Second DeAnza Expedition, April 2, 1776
From the diary of Friar Pedro Font
In the same year the Declaration of Independence was penned, California was still just a distant outpost of New Spain, the huge Spanish colony later known as Mexico. Although Spanish ships first visited its shores in 1542, more than two hundred years would elapse before the empire built its first permanent settlement in today’s California—at San Diego in 1769.
In 1775 and 1776, the viceroy of New Spain made Juan Bautista de Anza the head of two separate expeditions to Northern California—the first to explore the area, and the second to lead more than two hundred people to settle the port of San Francisco. The expedition of 1776 was difficult, featuring biting sandstorms and one of the coldest winters on record, but the party—which included many lower-class families eager to start a new life in a faraway and unknown land—eventually reached its destination.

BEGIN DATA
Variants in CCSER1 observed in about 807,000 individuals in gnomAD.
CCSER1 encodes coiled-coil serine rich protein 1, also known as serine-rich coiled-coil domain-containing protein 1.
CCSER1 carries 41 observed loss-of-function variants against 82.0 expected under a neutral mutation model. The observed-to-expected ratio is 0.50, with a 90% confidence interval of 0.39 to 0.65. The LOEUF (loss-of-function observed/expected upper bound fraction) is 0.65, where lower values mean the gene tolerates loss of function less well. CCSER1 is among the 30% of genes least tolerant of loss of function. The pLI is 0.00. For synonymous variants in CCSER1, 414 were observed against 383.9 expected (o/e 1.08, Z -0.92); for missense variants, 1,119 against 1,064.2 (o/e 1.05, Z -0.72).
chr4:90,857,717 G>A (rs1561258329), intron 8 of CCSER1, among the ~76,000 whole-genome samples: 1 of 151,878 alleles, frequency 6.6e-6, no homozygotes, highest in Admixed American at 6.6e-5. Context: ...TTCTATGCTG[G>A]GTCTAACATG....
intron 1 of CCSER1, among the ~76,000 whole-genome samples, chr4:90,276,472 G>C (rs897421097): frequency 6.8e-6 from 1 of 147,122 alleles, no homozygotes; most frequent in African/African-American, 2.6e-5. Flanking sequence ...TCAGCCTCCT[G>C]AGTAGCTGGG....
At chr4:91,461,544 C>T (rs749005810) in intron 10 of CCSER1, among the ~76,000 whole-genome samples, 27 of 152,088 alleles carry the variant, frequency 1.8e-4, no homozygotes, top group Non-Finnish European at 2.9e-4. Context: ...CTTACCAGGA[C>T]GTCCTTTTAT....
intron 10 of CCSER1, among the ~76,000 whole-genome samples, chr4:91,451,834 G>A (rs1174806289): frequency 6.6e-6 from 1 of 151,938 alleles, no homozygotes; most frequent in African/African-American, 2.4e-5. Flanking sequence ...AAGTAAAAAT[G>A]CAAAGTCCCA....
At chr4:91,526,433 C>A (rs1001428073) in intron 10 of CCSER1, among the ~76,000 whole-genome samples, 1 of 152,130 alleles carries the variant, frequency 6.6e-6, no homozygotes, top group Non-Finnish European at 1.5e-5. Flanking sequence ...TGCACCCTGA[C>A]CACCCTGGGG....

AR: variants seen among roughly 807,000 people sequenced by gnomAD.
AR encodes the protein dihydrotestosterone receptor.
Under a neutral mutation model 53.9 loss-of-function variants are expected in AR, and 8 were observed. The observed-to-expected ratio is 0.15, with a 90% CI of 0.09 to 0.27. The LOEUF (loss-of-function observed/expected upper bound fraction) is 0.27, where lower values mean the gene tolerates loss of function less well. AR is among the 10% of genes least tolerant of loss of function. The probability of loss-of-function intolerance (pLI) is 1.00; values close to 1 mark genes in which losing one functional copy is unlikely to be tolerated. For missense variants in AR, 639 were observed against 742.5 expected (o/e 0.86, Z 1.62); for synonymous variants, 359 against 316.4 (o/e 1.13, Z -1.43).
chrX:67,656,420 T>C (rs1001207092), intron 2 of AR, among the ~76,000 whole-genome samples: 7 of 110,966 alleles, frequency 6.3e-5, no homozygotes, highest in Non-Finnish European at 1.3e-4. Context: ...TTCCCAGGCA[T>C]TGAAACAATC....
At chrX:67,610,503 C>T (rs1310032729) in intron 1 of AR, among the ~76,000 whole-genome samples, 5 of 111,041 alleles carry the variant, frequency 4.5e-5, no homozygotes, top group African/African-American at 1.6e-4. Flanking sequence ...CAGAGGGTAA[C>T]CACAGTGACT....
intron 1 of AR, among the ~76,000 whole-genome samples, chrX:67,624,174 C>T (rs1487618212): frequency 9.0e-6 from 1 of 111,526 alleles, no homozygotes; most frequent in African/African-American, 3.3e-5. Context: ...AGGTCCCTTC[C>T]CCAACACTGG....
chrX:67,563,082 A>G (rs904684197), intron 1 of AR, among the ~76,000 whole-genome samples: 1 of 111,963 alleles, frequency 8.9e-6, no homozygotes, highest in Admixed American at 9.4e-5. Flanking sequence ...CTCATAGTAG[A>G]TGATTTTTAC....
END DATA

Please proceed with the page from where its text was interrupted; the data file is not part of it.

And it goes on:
Friar Pedro Font, a Franciscan missionary, was chosen to accompany the expedition both for his services as chaplain and for his ability to read latitudes. It was while scouting for the expedition near today’s Walnut Creek that the Friar observed something immense in the distance. He called it “a great Sierra Nevada,” which means “snowy mountains” in Spanish. It was the first recorded use of the name to describe the mountain range.
Read by Rick Heide, co-editor of The Illuminated Landscape and editor of Under the Fifth Sun, an anthology of California Latino literature